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THE PROCESS OF TEA

Loose leaf tea as offered by Suki Tea is known as ‘Orthodox’ tea, handpicked selecting only the two young leaves and the bud. The type of tea produced then depends on what actions are taken next.....

The Process

Each blend’s characteristics are not only influenced by where the tea plant was grown, its climate, soil type and rainfall, but also largely by the skilled techniques used in processing it to its dried form - this is where the magic really happens.

Withering

The first stage of the process is wilting. Once plucked, the leaf will naturally wilt but during the process this is controlled in order to reduce moisture content. A good wither will be even and is determined by the resulting weight after moisture loss as well as the aroma of the tea.

Oxidisation

This is the chemical reaction that starts when the cell walls of the leaf are bruised, turning the leaf from a green to a brown colour. It’s this process that alters the flavour and aroma of the final cup of tea. Depending on the type of tea required (black, green, white, etc) oxidisation is either prevented altogether or deliberately initiated, controlled and then stopped. When the tea has reached the desired effect it is fixed, which halts the process.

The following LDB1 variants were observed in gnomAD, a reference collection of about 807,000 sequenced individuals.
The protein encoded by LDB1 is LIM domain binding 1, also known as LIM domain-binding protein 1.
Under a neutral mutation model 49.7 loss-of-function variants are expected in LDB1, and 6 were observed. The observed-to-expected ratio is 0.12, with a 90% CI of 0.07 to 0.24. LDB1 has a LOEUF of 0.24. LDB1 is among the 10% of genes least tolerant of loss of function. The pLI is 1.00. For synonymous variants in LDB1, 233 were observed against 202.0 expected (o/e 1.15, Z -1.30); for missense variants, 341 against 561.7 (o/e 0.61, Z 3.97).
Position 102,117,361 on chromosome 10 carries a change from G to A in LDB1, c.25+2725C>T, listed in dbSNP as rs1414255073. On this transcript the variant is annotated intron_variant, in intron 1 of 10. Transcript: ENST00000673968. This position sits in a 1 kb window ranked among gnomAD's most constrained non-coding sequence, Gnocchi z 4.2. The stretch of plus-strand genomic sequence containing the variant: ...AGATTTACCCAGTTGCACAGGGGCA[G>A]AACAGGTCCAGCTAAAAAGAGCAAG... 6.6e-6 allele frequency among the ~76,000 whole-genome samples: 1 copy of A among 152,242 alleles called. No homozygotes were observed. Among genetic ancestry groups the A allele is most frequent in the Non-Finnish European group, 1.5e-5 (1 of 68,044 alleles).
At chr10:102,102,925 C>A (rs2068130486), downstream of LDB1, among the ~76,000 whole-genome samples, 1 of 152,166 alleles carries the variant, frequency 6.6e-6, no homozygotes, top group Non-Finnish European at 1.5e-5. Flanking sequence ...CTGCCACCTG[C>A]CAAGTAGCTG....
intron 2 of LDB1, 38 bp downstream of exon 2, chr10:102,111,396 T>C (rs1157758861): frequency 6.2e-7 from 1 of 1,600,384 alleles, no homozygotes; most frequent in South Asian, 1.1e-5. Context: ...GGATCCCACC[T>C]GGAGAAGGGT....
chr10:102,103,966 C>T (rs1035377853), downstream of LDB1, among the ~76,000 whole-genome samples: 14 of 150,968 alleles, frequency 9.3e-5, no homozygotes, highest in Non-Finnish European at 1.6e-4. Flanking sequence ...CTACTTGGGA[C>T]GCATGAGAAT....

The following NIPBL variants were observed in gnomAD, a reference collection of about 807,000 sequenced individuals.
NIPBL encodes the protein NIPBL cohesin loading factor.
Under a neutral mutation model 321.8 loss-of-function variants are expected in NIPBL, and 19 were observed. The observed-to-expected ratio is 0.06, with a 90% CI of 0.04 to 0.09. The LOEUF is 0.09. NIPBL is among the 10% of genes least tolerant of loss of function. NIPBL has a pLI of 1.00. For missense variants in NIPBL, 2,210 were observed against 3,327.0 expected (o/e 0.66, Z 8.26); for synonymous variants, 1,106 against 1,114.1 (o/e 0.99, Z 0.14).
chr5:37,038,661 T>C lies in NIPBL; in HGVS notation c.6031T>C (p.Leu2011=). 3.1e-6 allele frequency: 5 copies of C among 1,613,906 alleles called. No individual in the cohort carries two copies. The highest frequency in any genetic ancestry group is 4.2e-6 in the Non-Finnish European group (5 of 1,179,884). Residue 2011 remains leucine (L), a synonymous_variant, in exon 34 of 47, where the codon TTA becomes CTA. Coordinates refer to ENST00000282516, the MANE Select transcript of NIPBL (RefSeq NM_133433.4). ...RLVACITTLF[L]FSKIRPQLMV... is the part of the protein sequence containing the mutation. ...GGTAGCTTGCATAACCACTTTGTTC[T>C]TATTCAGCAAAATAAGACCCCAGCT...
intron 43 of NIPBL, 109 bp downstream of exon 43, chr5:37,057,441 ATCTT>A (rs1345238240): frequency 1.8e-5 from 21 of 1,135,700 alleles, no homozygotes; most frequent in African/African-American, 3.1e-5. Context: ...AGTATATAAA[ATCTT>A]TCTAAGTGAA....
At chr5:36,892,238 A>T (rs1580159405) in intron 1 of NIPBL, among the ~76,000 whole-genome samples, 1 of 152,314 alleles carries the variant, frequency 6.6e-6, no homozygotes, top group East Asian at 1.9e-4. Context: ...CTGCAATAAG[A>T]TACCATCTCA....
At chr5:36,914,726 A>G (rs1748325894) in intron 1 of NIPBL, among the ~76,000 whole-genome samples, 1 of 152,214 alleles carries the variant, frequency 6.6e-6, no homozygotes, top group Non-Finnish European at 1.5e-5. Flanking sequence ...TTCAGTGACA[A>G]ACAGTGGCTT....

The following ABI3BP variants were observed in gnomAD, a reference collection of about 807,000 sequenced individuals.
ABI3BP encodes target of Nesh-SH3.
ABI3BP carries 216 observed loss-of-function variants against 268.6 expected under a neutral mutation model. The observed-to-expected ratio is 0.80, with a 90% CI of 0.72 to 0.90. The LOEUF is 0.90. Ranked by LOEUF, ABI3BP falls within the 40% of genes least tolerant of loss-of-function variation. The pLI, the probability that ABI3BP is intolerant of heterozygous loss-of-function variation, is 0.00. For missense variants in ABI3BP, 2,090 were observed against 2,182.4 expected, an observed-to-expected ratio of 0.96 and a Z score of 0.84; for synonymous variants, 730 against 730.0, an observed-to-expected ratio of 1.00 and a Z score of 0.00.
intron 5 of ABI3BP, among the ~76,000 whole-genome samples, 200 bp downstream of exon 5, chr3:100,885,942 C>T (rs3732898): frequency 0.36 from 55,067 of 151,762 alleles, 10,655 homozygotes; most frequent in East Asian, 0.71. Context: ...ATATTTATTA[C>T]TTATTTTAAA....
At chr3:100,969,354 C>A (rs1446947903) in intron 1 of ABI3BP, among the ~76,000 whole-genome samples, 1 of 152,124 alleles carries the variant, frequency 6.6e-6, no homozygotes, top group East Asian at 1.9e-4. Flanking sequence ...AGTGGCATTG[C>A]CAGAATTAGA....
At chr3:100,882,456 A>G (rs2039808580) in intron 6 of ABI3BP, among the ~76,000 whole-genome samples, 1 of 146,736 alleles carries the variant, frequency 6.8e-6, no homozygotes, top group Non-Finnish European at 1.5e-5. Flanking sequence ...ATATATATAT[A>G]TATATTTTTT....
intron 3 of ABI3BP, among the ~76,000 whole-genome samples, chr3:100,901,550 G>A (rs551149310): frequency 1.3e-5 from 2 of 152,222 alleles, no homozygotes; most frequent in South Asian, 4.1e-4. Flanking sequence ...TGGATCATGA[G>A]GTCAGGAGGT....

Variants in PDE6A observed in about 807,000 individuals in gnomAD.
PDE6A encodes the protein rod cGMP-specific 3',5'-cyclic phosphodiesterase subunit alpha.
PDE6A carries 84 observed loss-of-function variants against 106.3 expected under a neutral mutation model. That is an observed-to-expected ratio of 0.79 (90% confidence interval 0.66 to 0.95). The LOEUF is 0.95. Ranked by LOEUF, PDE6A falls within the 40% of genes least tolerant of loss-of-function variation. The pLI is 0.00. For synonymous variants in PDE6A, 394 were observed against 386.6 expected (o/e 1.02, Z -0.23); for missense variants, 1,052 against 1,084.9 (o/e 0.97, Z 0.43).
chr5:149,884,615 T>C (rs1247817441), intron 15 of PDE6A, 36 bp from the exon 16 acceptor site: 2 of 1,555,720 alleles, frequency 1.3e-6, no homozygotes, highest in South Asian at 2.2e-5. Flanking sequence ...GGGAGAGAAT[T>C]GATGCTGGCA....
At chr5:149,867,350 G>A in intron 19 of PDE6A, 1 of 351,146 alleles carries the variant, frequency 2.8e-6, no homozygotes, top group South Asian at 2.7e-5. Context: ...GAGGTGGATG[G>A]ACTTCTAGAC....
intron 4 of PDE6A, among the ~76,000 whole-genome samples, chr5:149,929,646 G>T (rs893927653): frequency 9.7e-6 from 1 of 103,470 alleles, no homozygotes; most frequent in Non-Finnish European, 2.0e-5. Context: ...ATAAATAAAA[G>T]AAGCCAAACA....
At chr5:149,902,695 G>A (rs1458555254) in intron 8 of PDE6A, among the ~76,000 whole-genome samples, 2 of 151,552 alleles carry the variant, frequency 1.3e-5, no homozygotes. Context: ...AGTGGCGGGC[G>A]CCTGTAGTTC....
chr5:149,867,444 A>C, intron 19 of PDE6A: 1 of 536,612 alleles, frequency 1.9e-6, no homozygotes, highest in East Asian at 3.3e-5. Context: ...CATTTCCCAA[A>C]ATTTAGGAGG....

Fixing (AKA Kill Green)

A form of denaturing the oxidation process using heat at approximately 65oc. The focus at this stage is to evaluate the size of the leaf, the moisture content and the amount being processed and precisely control the temperature and length of heating. This can be done traditionally by pan firing or steaming, either keeping oxidisation away from the plant to maintain a natural green finish (green tea) or by promoting the oxidisation to give the resulting coppery brown liquor (black tea).

Drying

Drying makes the leaf ‘shelf-stable’ by reducing the moisture content to between 2 and 4% and also enhances the final flavour profile. This can be done in a myriad of ways, but baking is the most common. Great care is taken not to over-cook the leaves. The drying part of the process is responsible for creating new flavour compounds (particularly important in green teas).

Sorting

The cleaning and sifting of the tea leaves is now underway. High quality loose leaf teas are typically graded by hand. Commodity tea (tea produced with quantity in mind rather than quality) is sorted by machines which grade everything from the dust to the small and broken leaves.